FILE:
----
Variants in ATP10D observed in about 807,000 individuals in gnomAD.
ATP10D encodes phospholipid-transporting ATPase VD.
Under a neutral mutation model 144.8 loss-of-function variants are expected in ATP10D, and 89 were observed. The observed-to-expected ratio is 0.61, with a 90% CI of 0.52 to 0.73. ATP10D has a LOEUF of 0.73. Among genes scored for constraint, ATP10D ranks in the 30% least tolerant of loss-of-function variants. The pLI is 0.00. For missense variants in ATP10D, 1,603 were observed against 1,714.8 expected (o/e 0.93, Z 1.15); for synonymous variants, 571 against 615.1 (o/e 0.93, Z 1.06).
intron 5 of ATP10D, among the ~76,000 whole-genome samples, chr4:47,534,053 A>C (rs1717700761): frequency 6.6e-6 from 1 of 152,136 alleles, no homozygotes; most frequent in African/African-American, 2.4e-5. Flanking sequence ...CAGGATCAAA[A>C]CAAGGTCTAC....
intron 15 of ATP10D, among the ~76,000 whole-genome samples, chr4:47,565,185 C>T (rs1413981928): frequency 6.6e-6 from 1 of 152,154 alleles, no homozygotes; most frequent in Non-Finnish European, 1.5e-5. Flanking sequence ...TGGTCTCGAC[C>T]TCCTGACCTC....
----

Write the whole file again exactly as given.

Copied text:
Variants in ATP10D observed in about 807,000 individuals in gnomAD.
ATP10D encodes phospholipid-transporting ATPase VD.
Under a neutral mutation model 144.8 loss-of-function variants are expected in ATP10D, and 89 were observed. The observed-to-expected ratio is 0.61, with a 90% CI of 0.52 to 0.73. ATP10D has a LOEUF of 0.73. Among genes scored for constraint, ATP10D ranks in the 30% least tolerant of loss-of-function variants. The pLI is 0.00. For missense variants in ATP10D, 1,603 were observed against 1,714.8 expected (o/e 0.93, Z 1.15); for synonymous variants, 571 against 615.1 (o/e 0.93, Z 1.06).
intron 5 of ATP10D, among the ~76,000 whole-genome samples, chr4:47,534,053 A>C (rs1717700761): frequency 6.6e-6 from 1 of 152,136 alleles, no homozygotes; most frequent in African/African-American, 2.4e-5. Flanking sequence ...CAGGATCAAA[A>C]CAAGGTCTAC....
intron 15 of ATP10D, among the ~76,000 whole-genome samples, chr4:47,565,185 C>T (rs1413981928): frequency 6.6e-6 from 1 of 152,154 alleles, no homozygotes; most frequent in Non-Finnish European, 1.5e-5. Flanking sequence ...TGGTCTCGAC[C>T]TCCTGACCTC....